CBS Newsletter
Summer 1998
pg. 8

Aerial view of Washington D.C.

News From the D.C. Office

Regional Builder Option Packages: A Simplified Guide for Constructing

Energy Star® Homes

ENERGY STAR Homes is part of a family of voluntary market-transformation programs sponsored by the U.S. Environmental Protection Agency and Department of Energy. The goal of the various Energy Star programs is to help energy users save money and reduce the emission of greenhouse gases by increasing the efficiency of various energy end uses, such as appliances and office equipment. Residential energy use accounts for approximately 20% of the carbon dioxide gas emissions in the U.S., from direct fuel combustion (natural gas, oil, wood) and emissions from electricity generation. The EPA estimates that the average house is responsible for emitting twice as much carbon dioxide as the average car. Energy Star Homes will reduce emissions from new housing.

Through the Energy Star Homes Program, EPA has formed partnerships with builders and developers and alliances with mortgage lenders, product manufacturers, utilities, and other industry stakeholders, to encourage the construction of new homes that consume at least 30% less energy than those built to 1993 Model Energy Code standards. Energy Star Homes use the 100-point scale of the draft Home Energy Rating System (HERS) as the performance standard. To participate in the program, builders must have an independent party rate their homes in accordance with the Guidelines. For homes that rate 86 or higher, the builders submit documentation to EPA and receive Energy Star labels that they can display on these homes. Builders who have signed Memoranda of Understanding with EPA also receive permission to use the program logo in advertisements, technical and marketing assistance, and access to preferred mortgage products.

EET Division Provides Program Support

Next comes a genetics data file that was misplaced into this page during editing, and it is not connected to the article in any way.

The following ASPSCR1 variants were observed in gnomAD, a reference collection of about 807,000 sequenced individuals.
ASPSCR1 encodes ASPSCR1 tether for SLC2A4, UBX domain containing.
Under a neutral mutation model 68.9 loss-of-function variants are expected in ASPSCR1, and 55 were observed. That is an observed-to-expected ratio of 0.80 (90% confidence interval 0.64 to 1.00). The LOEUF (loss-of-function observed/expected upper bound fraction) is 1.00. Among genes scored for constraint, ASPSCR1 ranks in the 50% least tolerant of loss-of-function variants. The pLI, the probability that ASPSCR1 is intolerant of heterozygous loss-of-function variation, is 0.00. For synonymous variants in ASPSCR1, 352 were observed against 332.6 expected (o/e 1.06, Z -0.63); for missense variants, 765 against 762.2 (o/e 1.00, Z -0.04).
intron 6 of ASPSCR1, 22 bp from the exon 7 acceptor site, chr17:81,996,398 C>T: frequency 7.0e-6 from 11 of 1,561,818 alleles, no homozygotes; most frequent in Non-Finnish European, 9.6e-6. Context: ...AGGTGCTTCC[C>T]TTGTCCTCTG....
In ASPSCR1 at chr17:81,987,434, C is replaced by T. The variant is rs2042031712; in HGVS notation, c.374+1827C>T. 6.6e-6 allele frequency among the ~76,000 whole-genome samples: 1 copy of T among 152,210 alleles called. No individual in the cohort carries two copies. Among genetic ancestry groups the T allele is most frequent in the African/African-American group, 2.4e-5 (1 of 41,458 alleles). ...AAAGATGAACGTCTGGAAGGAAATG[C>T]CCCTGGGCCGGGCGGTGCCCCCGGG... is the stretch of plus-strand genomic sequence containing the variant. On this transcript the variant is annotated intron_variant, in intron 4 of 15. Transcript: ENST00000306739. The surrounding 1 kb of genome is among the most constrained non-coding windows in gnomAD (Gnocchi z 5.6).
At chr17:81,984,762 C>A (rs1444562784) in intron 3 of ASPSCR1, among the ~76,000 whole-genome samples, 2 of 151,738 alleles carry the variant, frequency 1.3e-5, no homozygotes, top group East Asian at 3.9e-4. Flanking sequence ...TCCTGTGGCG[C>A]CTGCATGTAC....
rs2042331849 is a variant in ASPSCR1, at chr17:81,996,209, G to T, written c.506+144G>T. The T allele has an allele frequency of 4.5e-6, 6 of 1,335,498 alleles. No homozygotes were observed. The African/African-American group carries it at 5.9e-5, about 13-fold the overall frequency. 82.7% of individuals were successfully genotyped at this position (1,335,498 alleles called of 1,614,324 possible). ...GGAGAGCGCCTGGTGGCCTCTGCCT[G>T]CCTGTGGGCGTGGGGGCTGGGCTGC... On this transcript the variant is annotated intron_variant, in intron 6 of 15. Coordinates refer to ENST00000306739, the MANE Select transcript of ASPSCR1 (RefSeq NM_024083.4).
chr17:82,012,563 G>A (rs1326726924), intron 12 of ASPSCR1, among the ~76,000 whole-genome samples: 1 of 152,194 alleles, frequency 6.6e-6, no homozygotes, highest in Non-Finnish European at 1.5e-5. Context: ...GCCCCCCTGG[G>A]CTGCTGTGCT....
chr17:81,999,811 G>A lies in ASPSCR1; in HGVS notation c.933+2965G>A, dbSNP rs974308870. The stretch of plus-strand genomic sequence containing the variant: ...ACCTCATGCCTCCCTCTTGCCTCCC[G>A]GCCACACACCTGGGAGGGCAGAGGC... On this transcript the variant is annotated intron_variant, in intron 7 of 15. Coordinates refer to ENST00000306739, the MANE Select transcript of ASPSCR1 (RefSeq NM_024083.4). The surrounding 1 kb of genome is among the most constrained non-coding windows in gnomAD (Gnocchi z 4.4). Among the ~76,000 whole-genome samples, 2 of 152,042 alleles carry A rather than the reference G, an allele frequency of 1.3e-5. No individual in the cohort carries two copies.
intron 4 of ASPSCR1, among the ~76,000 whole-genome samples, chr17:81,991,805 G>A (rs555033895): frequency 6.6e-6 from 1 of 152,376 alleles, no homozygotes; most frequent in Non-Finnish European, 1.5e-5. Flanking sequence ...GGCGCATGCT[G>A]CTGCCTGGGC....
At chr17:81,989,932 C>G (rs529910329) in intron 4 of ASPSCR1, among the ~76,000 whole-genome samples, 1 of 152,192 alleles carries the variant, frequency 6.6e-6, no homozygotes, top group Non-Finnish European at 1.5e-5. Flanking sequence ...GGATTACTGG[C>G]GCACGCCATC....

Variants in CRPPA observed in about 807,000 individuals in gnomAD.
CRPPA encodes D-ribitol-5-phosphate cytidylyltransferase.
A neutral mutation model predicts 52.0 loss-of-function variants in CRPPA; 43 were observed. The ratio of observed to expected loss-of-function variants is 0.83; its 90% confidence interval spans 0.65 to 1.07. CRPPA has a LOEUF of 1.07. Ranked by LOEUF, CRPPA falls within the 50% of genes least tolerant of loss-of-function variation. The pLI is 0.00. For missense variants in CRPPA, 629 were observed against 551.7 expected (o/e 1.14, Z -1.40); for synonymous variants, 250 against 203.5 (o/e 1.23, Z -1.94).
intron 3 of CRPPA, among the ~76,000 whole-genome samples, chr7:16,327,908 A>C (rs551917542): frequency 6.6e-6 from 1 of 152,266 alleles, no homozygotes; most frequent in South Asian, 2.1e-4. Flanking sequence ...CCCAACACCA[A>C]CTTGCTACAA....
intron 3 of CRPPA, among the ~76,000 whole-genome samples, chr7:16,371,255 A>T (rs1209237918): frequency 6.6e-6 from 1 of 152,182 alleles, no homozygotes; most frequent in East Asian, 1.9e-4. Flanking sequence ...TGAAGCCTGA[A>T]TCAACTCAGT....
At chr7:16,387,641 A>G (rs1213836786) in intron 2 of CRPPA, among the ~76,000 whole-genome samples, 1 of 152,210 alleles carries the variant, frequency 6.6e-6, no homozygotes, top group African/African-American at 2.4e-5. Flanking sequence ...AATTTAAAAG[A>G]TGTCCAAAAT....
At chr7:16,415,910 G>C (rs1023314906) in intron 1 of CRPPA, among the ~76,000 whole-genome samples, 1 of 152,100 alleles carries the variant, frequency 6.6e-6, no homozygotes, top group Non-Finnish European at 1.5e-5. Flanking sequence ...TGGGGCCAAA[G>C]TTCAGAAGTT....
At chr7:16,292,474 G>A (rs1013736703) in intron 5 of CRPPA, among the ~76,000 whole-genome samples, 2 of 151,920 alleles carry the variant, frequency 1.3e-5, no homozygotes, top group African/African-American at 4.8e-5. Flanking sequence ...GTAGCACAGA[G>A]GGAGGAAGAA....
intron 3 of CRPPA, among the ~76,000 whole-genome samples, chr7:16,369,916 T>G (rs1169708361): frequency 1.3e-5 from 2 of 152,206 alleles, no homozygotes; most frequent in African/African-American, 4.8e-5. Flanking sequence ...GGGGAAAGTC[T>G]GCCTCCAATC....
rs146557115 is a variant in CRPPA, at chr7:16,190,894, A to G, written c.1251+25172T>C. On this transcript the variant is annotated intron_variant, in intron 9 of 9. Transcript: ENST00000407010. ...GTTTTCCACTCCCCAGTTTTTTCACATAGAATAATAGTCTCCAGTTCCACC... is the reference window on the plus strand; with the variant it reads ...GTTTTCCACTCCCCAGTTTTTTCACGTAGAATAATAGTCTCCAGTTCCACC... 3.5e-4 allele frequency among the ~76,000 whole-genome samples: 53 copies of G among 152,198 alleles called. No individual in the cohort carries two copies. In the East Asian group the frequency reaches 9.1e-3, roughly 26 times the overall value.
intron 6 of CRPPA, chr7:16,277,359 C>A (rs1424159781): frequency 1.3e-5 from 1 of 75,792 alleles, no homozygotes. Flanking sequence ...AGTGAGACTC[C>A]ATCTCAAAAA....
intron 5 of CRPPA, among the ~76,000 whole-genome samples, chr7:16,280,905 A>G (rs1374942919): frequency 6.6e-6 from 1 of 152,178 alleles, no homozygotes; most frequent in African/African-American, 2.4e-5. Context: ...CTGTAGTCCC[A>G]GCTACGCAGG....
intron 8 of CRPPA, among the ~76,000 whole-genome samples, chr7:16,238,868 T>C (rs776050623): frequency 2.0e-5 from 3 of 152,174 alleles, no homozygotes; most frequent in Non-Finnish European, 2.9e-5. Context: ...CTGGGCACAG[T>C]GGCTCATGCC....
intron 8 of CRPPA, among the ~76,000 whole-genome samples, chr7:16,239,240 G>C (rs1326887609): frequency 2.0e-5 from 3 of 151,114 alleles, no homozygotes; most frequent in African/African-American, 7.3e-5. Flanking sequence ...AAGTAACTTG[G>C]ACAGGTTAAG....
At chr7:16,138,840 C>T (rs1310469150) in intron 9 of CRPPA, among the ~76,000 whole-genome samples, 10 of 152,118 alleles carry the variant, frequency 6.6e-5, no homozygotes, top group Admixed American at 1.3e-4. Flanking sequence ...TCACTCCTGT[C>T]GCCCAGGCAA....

Since April 1995, the End-Use Forecasting Group of Berkeley Lab's Environmental Energy Technologies Division has performed technical analyses on ventilation, air conditioning heat recovery units, cool roofing materials, and duct sealing for EPA in support of the Energy Star Homes Program. In July 1995, the role of the EET Division was expanded to provide on-site program support through the Washington, D.C. Project Office. Part of the program support is account management, which involves the EET's D.C. Office staff working directly with partners and allies to foster market penetration of the program and the construction of Energy Star Homes.

Although the labeling process is simple, many builders are uncertain what home improvements are necessary to meet the Energy Star guidelines. This uncertainty has prevented some builders from joining the program. EPA recommends that builders contact a HERS rater in their area to analyze house plans and recommend improvements specific to their needs and location. Some builders are willing to do this; for many others, a simpler approach is needed.

Regional Builder Option Packages for 14 Cities

In response to its partners' needs, EPA asked Berkeley Lab's End-Use Forecasting Group to develop Regional Builder Option Packages (ReBOPs). Using computer simulations and cost data, we developed lists of cost-effective improvements builders can make to their homes to meet the Energy Star guidelines. ReBOPs have been prepared for several housing prototypes in 14 cities across the United States.

In addition to developing ReBOPs, the EET Division staff is disseminating them to program partners and allies. Drawing on our account management experience, the EET staff is preparing a ReBOP User Guide, a list of anticipated Frequently Asked Questions, and a builder comment form. By both developing and implementing the ReBOPs, Berkeley Lab has a unique opportunity to get feedback from the intended users. Direct contact with program partners and allies will also be beneficial in the development of additional ReBOPs. We hope this direct link will improve Berkeley Lab's understanding of the home-building industry so that future technical analysis and program support efforts can better serve EPA and its program partners and allies.

—Donald Mauritz

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Donald Mauritz
Lawrence Berkeley National Laboratory
1250 Maryland Avenue, SW, Suite 500
Washington, D.C. 20024
(202) 484-0884, x118; (202) 484-0888 fax

For questions concerning the development of ReBOPs, contact Richard Brown in the End-Use Forecasting Group at (510) 486-5896. For questions concerning the implementation of ReBOPs, contact Donald Mauritz in the Washington, D.C. Project Office at (202) 484-0884, x118.

This research is supported by the U.S. Environmental Protection Agency.


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